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Front. Plant Sci., 01 May 2024
Sec. Plant Biotechnology

Functional identification of DNA demethylase gene CaROS1 in pepper (Capsicum annuum L.) involved in salt stress

Xuelian OuXuelian OuQingzhu HuaQingzhu HuaJichi DongJichi DongKexian GuoKexian GuoMinghua WuMinghua WuYinjun DengYinjun DengZhiming Wu*Zhiming Wu*
  • College of Horticulture and Landscape Architecture, Zhongkai University of Agriculture and Engineering, Guangzhou, China

Pepper, which is a widely cultivated important vegetable, is sensitive to salt stress, and the continuous intensification of soil salinization has affected pepper production worldwide. However, genes confer to salt tolerance are rarely been cloned in pepper. Since the REPRESSOR OF SILENCING 1 (ROS1) is a DNA demethylase that plays a crucial regulatory role in plants in response to various abiotic stresses, including salt stress. We cloned a ROS1 gene in pepper, named CaROS1 (LOC107843637). Bioinformatic analysis showed that the CaROS1 protein contains the HhH-GPD glycosylase and RRM_DME domains. qRT-PCR analyses showed that the CaROS1 was highly expressed in young and mature fruits of pepper and rapidly induced by salt stress. Functional characterization of the CaROS1 was performed by gene silencing in pepper and overexpressing in tobacco, revealed that the CaROS1 positively regulates salt tolerance ability. More detailly, CaROS1-silenced pepper were more sensitive to salt stress, and their ROS levels, relative conductivity, and malondialdehyde content were significantly higher in leaves than those of the control plants. Besides, CaROS1-overexpressing tobacco plants were more tolerant to salt stress, with a higher relative water content, total chlorophyll content, and antioxidant enzyme activity in leaves compared to those of WT plants during salt stress. These results revealed the CaROS1 dose play a role in salt stress response, providing the theoretical basis for salt tolerance genetic engineering breeding in pepper.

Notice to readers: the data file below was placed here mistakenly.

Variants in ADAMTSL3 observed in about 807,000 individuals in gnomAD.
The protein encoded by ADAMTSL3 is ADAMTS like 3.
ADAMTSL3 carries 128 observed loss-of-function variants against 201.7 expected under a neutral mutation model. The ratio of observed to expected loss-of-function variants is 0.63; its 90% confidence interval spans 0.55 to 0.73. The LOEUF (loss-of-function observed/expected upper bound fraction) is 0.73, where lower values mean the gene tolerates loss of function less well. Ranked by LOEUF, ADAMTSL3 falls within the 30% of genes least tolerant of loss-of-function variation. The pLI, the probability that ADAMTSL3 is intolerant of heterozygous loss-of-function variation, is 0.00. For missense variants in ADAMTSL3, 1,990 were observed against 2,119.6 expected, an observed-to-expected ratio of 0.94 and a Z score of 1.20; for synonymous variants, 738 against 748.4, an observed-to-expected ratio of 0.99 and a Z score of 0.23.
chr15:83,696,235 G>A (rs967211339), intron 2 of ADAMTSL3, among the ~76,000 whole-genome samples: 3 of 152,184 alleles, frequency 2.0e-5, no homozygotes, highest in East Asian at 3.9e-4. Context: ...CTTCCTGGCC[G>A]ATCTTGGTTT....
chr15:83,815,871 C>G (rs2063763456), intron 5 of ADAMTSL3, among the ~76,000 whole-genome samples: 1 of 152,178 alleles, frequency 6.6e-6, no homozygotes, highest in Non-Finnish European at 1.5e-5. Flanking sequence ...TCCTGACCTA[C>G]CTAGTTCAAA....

1 Introduction

Soil salinization has been recognized as a serious environmental problem for world agriculture (Van Zelm et al., 2020; Ashraf and Munns, 2022). Salt at the bottom of the soil rises to the surface along with capillary moisture, leading to salt accumulation in the surface soil, thus causing plants to suffer from high osmotic potential. Salt stress hinders plant growth and development through ionic stress, osmotic stress, and oxidative stress (Zörb et al., 2019; Zulfiqar and Ashraf, 2021). Plants can usually adapt and maintain a balance of reactive oxygen species (ROS) under low concentrations of salt stress (Baxter et al., 2014). However, a high salt concentration leads to the excessive accumulation of ROS, which causes nucleic acid mutations and protein denaturation, leading to metabolic dysfunction and cell apoptosis (Dhindsa et al., 1981; Gill and Tuteja, 2010; Das and Roychoudhury, 2014). In order to reduce damage, plants have evolved a set of osmotic regulation, ion balance, and antioxidant defense mechanisms to enhance their salt stress tolerance (Liu et al., 2022).

5-DNA methylation is a stable and conserved epigenetic mark that occurs on the fifth carbon atom of cytosine (Vanyushin and Ashapkin, 2011) and has been implicated in genomic imprinting (Macdonald, 2012), transposable element repression (Xie et al., 2013), X-chromosome inactivation (Bala Tannan et al., 2014), gene silencing (Fu et al., 2013), and other growth and development processes. DNA methylation is usually present in symmetric CG sequences in mammals, but also occurs in asymmetric CHH sequences (where H is A, C, or T) and symmetrical CG or CHG sequences in plants (Law and Jacobsen, 2010; He et al., 2011). These modifications are mainly carried out by methyltransferases, chromomethyltransferases, and domain-rearranged methyltransferases (Liu et al., 2018). DNA methylation can be triggered by environmental changes, which prompts the opposite functions of DNA demethylase and methyltransferase to regulate DNA methylation levels (Cao et al., 2014).